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2003.08.17 - Interview with Richard in Rock Musician

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2003.08.17 - Interview with Richard in Rock Musician Empty 2003.08.17 - Interview with Richard in Rock Musician

Post by Soulmonster on Wed Jul 18, 2012 12:30 pm

FOR a guy who is on the road more than he's home, Richard Fortus, now a member of Guns N' Roses (the Axl Rose version) and the Psychedelic Furs, has still gathered a little bit of moss, including 40 guitars, a couple of thousand CD's, five tattoos and two cats.

Classically trained on guitar, cello and violin, Mr. Fortus, a slight, soft-spoken man of 36, has been touring since he was 16, when his band, Pale Divine, was signed by Atlantic Records. Last year he was out of town for nearly eight months, following a typical spate of work for Guns and the Furs, as the two bands are affectionately known, as well as for Enrique Iglesias, BritneySpears and others.

When it was all over, Mr. Fortus bought his first apartment, a two-bedroom with a terrace at Seward Park, one of the complexes that makes up the Cooperative Village, the former socialist and union enclave built between the late 1930's and the 1960's on Grand Street on the Lower East Side (and featured famously in the movie `Crossing Delancey,' as the home of Amy Irving's impish bubbe.)

"This is my first home," Mr. Fortus said on a recent Wednesday morning as the sunlight tumbled through a corner window and the cats, two male shorthaired orientals named Genghis and Kublai, pounced on things that weren't there. "It's the first time I've ever owned anything."

Mr. Fortus and his girlfriend, Jennifer Teichman, a model and photographer, had been living on Park Avenue, in a "dark, dreary and tiny" rent-stabilized apartment with a view into someone else's apartment, Ms. Teichman said. She had stacked the guitars in their cases in the hall; you had to sidle by them to get out the front door.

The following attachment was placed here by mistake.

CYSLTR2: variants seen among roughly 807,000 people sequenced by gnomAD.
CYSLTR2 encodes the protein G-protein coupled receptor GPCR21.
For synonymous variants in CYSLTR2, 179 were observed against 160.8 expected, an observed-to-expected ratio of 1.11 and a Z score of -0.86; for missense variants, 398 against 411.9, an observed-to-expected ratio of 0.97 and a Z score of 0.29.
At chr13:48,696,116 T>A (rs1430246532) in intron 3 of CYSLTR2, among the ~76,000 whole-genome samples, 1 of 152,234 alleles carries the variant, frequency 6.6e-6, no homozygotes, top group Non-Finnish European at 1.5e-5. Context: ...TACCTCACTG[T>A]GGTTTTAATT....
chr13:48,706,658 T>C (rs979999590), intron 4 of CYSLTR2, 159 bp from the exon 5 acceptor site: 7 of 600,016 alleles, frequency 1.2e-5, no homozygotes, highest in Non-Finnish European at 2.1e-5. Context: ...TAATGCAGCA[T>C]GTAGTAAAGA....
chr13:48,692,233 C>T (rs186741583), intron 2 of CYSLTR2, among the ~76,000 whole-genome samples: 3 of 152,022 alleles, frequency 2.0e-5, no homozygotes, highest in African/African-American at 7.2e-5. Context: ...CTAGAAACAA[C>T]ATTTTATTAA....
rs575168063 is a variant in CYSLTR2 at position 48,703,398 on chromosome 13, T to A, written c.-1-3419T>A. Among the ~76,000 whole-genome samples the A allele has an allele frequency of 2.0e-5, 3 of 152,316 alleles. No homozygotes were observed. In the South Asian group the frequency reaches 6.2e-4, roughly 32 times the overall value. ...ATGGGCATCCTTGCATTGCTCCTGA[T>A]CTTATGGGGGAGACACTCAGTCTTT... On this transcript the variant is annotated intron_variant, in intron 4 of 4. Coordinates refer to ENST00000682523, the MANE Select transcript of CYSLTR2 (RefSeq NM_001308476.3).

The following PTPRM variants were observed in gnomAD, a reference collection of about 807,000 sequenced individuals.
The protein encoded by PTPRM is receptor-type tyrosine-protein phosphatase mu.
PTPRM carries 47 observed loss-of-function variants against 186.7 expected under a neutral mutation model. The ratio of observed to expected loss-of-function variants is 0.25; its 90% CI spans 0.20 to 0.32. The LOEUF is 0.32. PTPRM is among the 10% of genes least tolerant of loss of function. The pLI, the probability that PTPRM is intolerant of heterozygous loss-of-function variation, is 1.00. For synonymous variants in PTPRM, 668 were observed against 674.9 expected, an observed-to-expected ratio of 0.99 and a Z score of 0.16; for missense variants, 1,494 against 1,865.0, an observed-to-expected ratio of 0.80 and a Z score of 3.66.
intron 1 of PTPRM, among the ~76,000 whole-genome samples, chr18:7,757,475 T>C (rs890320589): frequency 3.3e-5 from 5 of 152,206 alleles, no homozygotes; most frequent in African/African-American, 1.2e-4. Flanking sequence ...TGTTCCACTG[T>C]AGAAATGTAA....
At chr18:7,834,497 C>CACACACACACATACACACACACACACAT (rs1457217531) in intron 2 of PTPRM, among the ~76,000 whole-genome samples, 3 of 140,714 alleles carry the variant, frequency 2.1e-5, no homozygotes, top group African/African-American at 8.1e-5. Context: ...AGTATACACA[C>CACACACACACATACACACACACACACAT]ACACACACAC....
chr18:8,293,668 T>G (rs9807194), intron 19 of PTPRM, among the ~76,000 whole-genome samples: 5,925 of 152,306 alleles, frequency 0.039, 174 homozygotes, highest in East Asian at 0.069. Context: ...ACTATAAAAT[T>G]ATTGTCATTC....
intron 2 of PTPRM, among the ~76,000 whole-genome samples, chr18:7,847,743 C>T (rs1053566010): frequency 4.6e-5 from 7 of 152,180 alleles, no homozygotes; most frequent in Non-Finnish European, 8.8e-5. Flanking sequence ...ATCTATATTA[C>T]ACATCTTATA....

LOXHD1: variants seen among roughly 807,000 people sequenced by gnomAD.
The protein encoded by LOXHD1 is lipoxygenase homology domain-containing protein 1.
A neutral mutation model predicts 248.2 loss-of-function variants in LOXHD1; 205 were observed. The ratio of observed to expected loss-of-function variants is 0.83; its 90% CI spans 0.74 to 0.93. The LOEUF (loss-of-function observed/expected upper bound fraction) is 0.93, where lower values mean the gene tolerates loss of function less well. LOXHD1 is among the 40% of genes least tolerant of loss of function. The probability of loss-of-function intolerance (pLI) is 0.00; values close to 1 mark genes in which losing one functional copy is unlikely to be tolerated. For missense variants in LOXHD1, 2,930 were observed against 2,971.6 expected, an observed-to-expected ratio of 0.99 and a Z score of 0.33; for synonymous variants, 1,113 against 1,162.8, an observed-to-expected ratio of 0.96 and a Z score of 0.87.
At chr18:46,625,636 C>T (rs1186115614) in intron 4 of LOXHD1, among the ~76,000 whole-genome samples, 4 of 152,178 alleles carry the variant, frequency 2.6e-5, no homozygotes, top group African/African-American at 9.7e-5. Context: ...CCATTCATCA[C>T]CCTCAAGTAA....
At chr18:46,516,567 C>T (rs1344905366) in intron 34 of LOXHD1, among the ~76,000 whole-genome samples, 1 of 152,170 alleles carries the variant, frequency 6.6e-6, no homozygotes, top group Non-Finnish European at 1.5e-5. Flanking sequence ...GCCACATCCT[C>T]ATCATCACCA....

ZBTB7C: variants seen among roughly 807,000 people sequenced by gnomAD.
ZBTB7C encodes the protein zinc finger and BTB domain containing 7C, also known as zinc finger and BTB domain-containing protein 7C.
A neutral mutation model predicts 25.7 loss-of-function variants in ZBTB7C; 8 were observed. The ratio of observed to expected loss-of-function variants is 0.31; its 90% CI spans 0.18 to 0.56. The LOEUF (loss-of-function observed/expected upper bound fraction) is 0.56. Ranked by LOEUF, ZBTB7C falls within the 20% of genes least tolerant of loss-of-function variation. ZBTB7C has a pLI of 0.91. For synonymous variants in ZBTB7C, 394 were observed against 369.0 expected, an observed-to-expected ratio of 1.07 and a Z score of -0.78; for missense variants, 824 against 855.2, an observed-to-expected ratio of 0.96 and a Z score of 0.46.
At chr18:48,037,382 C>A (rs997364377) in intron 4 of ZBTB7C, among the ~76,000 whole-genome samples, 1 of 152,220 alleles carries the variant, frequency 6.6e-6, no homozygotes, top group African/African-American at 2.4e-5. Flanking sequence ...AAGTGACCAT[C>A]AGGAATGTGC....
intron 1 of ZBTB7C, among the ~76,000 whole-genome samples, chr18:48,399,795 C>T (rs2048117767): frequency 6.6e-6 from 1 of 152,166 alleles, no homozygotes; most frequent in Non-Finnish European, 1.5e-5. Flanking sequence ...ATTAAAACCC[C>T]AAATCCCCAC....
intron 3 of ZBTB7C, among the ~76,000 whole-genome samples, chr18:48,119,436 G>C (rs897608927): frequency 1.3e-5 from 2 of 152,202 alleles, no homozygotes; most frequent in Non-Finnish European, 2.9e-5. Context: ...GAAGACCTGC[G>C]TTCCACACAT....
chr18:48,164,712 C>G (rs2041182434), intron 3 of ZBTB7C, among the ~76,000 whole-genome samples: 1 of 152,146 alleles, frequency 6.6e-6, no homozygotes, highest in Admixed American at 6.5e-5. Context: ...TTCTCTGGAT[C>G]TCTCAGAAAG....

Ms. Teichman, who is 27 and from Fort Lauderdale, Fla., felt oppressed by the darkness, and by the attention she was receiving every time she left the apartment. Elegant and lovely, Ms. Teichman hails from a state where your car is your armor.

"You're not walking everywhere, as you do here," she explained. "I'd never experienced anything like it." She felt terrorized by the catcalls, and stopped wearing makeup and skirts. During one particularly onerous period, she didn't leave the house for four days.

WHEN the lease ran out, they couldn't find an apartment fast enough, though it seemed as if they had been looking forever. Certainly they looked all over, up and downtown, and even in New Jersey. Guns N' Roses wanted Mr. Fortus to settle down in Los Angeles, where Mr. Rose lives, but Mr. Fortus, who grew up in St. Louis and moved to New York City when he was 25, demurred.

"I knew when I got here I was home," he said, echoing the sentiments of changelings everywhere. "I never felt that sort of connection before." (Mr. Fortus's first apartment in New York was just a bunk at a friend's at 75th Street and Riverside Drive. Marianne Faithfull was the third roommate. "I didn't see her a whole lot," he said, "but when I did she was always very matronly. Like a princess, but in a good way. Always very regal.")

What Ms. Teichman and Mr. Fortus finally found, he said, was the last great deal in New York: one of the reconstituted apartments on Grand Street.

These apartments, built by and for garment workers — one complex is even called Amalgamated, and you'll still find a mural of Roosevelt (F.D.R., that is) in a lobby — shed their socialist links and hit the free market three years ago (that's what "reconstituted" means), rocketing up from a cap of up to $3,000 per room to as much as $450,000 for a two-bedroom.